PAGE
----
Wisconsin is filled with beauty. Sometimes we take our state’s beauty for granted because it’s very apparent all around us. It’s always the less apparent beauty that surprises us and compels us to look deeper in ourselves and appreciate everything around us.
The same is true with people. We see each other, but oftentimes we don’t take the time to meet and get to know others in our own neighborhood and community. We don’t recognize our perceptions of others until we question and reflect on them. For this Juneteenth Day, I hope you will join me by looking inward and recognizing our less-apparent biases.
While the Civil War ended in April 1865, the emancipation of enslaved African Americans didn’t occur until June 19th of that year, when Texas abolished slavery. Every year since 1996, our country has celebrated the official end of slavery as June 19, 1865. We recognize this important date of our country’s history as “Juneteenth Day.”
Recently I heard something I’ve considered to be true for a long time while watching the show “United Shades of America.” W. Kamau Bell, the host of the show said, “Whether you think you’re biased or not, racism is a part of your life, with or without you knowing it,” in response to an implicit bias test.
Bell revealed he was unfamiliar with the term “implicit bias” until four years ago, when Bell told a friend that he experienced racial prejudice. Bell’s friend told him this interaction stemmed from implicit bias. In this episode, Bell spoke with Dr. John Diamond, a professor at the University of Wisconsin-Madison about implicit bias and its connection to systemic racism, specifically in the city of Milwaukee.
Project Implicit, a test Bell took that made him feel uncomfortable, demonstrates most of us can be biased in our thoughts and actions without realizing it. This test looks at what people are thinking before they have a chance to consider the socially responsible answer. Dr. Diamond explains this concept saying, “You don’t have to necessarily dislike people of other races to be affected by (implicit bias).”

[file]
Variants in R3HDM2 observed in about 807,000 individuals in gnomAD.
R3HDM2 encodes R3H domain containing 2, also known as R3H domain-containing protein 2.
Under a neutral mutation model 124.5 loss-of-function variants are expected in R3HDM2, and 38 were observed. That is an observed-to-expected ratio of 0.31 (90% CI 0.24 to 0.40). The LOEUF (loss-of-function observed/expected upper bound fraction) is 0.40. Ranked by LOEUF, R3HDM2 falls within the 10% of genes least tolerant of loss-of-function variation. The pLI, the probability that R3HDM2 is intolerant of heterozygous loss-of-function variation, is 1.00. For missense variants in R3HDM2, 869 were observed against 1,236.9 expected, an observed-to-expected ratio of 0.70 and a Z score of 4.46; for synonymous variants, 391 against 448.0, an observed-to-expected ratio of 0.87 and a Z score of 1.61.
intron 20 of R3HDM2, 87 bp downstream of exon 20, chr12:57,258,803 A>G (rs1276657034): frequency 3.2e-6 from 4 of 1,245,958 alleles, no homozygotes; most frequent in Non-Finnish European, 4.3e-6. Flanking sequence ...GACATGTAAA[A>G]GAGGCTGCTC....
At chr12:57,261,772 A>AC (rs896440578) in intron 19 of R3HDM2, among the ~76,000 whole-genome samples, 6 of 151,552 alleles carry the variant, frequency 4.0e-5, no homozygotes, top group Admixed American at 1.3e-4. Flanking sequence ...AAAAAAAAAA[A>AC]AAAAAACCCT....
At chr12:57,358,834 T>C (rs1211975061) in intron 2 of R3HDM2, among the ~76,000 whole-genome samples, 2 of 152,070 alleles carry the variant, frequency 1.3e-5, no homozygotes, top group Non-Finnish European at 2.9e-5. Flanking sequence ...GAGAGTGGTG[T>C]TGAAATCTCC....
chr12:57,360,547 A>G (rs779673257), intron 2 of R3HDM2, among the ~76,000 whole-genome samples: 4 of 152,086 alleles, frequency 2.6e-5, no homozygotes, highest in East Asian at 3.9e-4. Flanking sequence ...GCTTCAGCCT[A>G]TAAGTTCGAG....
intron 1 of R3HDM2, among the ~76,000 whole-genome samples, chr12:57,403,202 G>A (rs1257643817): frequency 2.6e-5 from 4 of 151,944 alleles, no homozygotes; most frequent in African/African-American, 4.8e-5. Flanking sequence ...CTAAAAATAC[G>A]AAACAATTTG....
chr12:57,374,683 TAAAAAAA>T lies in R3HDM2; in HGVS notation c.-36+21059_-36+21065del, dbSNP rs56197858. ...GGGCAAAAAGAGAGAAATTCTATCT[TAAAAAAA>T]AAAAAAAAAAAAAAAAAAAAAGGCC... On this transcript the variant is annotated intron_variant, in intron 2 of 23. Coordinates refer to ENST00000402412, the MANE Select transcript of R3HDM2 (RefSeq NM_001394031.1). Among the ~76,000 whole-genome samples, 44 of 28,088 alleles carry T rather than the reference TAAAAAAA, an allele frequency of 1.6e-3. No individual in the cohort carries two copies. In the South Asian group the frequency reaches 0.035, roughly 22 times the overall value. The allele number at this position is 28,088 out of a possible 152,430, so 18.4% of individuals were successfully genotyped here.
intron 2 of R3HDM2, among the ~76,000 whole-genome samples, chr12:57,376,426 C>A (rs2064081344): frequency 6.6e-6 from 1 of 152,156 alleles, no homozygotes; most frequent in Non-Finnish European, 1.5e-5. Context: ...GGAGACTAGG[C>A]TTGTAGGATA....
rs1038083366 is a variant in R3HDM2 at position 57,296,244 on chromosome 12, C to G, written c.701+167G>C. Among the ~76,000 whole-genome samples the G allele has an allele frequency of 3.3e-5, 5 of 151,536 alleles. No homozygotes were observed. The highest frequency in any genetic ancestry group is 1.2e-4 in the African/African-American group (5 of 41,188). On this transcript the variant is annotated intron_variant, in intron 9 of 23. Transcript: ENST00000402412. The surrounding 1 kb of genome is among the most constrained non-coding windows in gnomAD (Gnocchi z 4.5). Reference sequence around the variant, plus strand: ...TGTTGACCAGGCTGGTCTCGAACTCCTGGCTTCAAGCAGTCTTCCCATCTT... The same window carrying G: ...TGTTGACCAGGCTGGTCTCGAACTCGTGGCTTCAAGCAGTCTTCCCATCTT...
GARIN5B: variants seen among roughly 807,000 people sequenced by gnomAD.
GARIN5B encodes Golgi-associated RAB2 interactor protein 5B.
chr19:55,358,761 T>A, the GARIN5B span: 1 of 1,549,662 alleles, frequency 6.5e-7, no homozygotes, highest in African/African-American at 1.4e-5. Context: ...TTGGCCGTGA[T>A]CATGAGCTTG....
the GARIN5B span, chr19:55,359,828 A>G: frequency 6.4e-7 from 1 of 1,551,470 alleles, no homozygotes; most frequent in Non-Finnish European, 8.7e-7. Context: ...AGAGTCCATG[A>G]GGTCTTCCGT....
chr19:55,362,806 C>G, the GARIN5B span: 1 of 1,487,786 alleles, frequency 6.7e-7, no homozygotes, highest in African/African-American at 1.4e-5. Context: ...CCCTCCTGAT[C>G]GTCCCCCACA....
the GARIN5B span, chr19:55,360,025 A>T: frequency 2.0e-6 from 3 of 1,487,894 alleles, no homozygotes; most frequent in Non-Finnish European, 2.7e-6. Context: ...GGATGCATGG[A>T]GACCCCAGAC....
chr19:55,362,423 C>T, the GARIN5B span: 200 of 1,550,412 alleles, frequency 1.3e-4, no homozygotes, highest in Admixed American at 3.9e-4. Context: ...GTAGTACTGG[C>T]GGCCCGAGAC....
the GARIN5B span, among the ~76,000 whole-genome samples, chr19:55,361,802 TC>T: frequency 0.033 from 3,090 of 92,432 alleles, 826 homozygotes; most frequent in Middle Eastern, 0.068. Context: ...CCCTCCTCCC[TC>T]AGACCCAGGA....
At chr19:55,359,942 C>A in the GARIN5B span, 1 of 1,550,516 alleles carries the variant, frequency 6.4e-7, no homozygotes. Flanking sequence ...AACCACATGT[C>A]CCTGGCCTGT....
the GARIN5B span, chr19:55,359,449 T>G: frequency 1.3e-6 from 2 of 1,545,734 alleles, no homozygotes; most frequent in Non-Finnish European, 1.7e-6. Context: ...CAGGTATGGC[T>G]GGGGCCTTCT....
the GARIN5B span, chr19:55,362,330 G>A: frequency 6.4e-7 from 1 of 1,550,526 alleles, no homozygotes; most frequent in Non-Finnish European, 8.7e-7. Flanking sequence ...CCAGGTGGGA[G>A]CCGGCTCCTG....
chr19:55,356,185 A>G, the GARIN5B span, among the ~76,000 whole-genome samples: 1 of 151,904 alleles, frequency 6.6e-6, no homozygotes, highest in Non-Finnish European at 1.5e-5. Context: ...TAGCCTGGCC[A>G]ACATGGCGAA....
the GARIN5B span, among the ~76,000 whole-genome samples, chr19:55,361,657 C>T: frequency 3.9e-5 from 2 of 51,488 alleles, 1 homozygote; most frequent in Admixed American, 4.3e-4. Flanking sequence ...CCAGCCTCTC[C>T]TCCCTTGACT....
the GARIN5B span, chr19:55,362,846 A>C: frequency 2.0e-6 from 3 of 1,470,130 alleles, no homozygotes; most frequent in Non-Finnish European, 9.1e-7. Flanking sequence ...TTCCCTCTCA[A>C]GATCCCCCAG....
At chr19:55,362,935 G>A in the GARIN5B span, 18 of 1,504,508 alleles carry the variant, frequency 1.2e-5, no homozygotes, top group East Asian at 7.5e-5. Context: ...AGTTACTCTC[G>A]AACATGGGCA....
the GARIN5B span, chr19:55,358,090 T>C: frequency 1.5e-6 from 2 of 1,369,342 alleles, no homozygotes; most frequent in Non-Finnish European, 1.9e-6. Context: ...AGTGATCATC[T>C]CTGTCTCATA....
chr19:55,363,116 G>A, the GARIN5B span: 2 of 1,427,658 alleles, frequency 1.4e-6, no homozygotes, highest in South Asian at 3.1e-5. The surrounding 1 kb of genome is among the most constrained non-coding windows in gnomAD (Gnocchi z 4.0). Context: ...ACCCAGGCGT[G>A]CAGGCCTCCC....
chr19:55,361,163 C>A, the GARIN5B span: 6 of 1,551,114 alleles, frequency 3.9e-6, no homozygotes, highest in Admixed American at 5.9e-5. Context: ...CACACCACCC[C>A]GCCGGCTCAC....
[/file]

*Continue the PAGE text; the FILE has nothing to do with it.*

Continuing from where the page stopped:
We all have implicit biases. The Ohio State University Kirwan Institute points out how our thoughts, actions and decisions are influenced by these subconscious biases, which can include both favorable and unfavorable automatic assessments of others.
How does this happen?
We’re all influenced by our surroundings whether it’s from our family members, our community or the entertainment we consume. Oftentimes it can be from stories or rumors we hear. Those influences shape our actions in ways we can’t recognize. For instance, you might choose to not stop in certain neighborhoods based on news you saw on TV or a story you heard.
Redlining, the discriminatory practice of refusing to invest in communities of color, is a real thing in Milwaukee. Real estate values, critical community services, access to health care and even grocery stores are impacted by redlining.
It’s clear there is racial bias in our local communities when thinking of redlining. This bias doesn’t stop there. Racial bias plays more of a role than losing opportunity − it can be the loss of freedom.
The criminal justice system has been fueled by generational racial bias and prejudice; one example is the mass incarceration rates in our state. According to UW-Madison’s Racial Disparities Project, Wisconsin has either led or been second in the nation for disproportionately incarcerating African Americans since 1998. African American males comprise 43 percent of the prison population, but only 6.6 percent of the total state population.
Most of us don’t think we encounter racism and most of us are sure we aren’t racist. But, are we biased? It’s clear, after 154 years, our state and our communities still have racial bias.
Juneteenth Day offers us an opportunity to reflect on our history, the progress made and the work that still must be done. This day is a reminder to check our everyday biases. Take the time to learn more about injustices that affect our neighbors and communities. One lesson we can learn from Juneteenth Day is that none of us are free until all are free.